Unemployment, casino bills among new Missouri laws
Friday, August 29, 2014
Wealthy gamblers could find it easier to make big bets at Missouri casinos while some fired employees could encounter greater difficulties getting jobless benefits as a result of some of the many new state laws that took effect Thursday.
The Missouri Constitution sets Thursday as the standard effective date for laws passed during the annual legislative session that ended in May, unless the bills specifically set earlier or later starting dates.
Some of this year’s most high-profile measures contained clauses delaying their effect until future years, including a rewrite of the state’s criminal laws and a gradual income tax cut that won’t kick in until at least 2017.
A new law requiring teenagers younger than 17 to get written parental consent to use tanning beds also apparently will be delayed by several months. It contained wording requiring the state health department to first adopt a rule creating a standardized consent form.
A health department spokesman said the proposed rule was being filed Thursday with the secretary of state’s office. The proposal will have to be published, undergo a public comment period and published again, which could delay the distribution of the youth-tanning-permission forms into 2015.
Other highly publicized measures, such as new abortion restrictions and special business tax breaks, were vetoed by Gov. Jay Nixon and would take effect only if lawmakers vote to override him during a Sept. 10 session.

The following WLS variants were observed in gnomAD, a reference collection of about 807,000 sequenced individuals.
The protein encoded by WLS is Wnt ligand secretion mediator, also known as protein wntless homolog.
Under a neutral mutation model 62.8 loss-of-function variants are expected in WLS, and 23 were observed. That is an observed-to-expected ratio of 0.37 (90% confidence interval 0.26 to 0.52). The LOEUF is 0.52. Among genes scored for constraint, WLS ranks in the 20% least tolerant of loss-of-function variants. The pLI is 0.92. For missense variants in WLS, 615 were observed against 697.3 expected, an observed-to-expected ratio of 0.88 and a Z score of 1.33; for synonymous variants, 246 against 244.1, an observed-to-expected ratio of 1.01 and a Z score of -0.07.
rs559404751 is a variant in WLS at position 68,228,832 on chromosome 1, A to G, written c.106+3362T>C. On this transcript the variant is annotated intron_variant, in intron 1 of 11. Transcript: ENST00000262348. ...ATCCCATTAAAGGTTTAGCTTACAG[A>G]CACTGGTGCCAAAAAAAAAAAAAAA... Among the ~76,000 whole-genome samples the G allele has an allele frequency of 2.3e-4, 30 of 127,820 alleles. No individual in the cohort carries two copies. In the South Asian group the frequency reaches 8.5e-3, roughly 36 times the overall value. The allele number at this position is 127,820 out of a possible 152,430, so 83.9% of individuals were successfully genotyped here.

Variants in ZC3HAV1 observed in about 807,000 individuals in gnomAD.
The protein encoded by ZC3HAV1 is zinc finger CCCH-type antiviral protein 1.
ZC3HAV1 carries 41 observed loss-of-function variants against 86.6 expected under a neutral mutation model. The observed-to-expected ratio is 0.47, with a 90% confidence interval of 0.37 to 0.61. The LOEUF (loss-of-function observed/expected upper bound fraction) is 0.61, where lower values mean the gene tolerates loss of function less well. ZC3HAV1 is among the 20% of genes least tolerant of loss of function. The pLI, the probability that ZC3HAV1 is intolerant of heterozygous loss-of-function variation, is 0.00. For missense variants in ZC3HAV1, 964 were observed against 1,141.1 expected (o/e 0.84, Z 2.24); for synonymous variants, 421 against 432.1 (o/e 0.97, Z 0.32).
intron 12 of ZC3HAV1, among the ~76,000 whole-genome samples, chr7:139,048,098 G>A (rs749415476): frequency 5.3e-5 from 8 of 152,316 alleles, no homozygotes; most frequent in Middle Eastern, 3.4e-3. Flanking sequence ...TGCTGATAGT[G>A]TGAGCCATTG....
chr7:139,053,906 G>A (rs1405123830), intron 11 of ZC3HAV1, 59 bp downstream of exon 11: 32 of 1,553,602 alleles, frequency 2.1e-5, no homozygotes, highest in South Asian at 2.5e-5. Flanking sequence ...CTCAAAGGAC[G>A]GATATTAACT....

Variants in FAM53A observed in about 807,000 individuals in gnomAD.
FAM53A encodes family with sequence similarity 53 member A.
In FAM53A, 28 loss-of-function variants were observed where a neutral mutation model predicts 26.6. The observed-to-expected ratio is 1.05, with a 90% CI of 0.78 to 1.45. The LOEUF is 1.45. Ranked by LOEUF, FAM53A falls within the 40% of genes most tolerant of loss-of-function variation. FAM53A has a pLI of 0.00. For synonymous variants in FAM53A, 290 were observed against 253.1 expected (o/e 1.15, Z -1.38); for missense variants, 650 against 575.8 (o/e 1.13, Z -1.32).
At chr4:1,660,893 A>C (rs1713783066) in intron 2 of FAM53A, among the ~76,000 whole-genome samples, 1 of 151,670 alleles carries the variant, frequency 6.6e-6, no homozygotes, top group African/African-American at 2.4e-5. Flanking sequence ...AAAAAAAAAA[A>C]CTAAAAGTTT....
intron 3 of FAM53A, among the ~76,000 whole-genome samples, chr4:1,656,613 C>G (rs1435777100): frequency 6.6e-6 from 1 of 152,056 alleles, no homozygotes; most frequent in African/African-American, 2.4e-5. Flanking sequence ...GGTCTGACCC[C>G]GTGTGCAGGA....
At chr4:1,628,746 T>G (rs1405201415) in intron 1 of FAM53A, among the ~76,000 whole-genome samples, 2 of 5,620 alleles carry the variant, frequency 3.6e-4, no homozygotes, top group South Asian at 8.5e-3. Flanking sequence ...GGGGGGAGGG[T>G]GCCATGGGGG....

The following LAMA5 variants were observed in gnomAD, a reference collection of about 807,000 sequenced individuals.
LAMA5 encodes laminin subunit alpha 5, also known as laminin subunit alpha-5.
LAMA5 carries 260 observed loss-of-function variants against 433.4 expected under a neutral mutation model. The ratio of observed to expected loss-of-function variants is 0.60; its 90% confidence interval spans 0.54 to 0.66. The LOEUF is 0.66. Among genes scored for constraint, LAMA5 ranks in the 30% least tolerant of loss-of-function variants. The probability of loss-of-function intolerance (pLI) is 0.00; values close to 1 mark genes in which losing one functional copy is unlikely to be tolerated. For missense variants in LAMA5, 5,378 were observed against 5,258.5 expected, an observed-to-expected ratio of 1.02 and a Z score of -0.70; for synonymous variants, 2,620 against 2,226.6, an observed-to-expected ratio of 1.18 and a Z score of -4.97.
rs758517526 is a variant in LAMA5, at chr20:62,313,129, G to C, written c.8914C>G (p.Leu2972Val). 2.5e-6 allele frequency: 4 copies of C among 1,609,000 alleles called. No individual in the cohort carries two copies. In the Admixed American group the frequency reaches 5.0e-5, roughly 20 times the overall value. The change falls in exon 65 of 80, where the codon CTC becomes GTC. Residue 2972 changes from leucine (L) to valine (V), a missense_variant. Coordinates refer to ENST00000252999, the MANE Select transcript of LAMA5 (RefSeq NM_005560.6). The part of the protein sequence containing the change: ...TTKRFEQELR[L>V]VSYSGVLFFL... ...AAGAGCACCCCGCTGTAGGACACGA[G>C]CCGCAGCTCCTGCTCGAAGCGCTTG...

The bills on casino wagering and unemployment benefits were neither signed nor vetoed by Nixon. But under the Missouri Constitution, those measures also took effect Thursday along with scores of other bills that Nixon did sign.
Casinos will now be able to extend a line of credit of $10,000 or more to high-stakes gamblers who don’t want to carry a briefcase full of cash around with them. The Missouri casino industry had lobbied for the bill, asserting that some wealthy tourists were taking their betting to places such as Illinois, Nevada or New Jersey where such perks already are in place.
“It’s going to be a convenience that we can offer to some of our patrons,” said Mike Winter, executive director of the Missouri Gaming Association.
The new unemployment law expands the definition of workplace misconduct, thus narrowing the instances in which fired employees can qualify to collect jobless benefits. Among other things, the law specifically includes absences, tardiness and actions that occur outside the workplace or normal working hours within the definition of misconduct that can serve as a reason for an employee’s dismissal and subsequent rejection for benefits.
The new law was backed by Republican lawmakers and business groups who contend that court rulings had gradually eroded Missouri’s previous law allowing unemployment benefits to be denied for misconduct.
The new law will “ensure employees who are fired for willfully breaking workplace rules are not rewarded with unemployment compensation,” the Missouri Chamber of Commerce and Industry said.
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